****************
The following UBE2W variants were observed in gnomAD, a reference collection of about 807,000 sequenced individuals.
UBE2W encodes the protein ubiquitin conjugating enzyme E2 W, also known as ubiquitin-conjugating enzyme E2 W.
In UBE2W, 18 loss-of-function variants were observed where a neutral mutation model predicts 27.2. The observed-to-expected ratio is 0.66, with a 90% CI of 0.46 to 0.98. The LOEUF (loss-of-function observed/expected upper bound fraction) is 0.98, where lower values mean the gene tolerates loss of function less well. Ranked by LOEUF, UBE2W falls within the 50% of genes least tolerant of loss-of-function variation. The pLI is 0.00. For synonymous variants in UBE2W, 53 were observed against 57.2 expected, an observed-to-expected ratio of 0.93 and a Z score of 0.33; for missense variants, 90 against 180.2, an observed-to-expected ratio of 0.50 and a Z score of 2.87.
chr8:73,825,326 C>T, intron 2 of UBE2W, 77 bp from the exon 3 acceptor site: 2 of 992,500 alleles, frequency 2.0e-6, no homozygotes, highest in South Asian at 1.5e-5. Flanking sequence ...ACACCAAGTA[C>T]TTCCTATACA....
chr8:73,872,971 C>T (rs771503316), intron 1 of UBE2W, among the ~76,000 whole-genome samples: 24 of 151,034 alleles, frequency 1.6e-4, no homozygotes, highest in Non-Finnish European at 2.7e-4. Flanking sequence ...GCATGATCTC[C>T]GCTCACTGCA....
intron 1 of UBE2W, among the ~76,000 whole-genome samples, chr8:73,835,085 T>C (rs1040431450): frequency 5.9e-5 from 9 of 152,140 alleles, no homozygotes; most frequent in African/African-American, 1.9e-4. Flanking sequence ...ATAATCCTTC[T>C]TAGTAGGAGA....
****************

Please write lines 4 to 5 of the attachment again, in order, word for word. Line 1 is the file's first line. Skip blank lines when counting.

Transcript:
chr8:73,825,326 C>T, intron 2 of UBE2W, 77 bp from the exon 3 acceptor site: 2 of 992,500 alleles, frequency 2.0e-6, no homozygotes, highest in South Asian at 1.5e-5. Flanking sequence ...ACACCAAGTA[C>T]TTCCTATACA....
chr8:73,872,971 C>T (rs771503316), intron 1 of UBE2W, among the ~76,000 whole-genome samples: 24 of 151,034 alleles, frequency 1.6e-4, no homozygotes, highest in Non-Finnish European at 2.7e-4. Flanking sequence ...GCATGATCTC[C>T]GCTCACTGCA....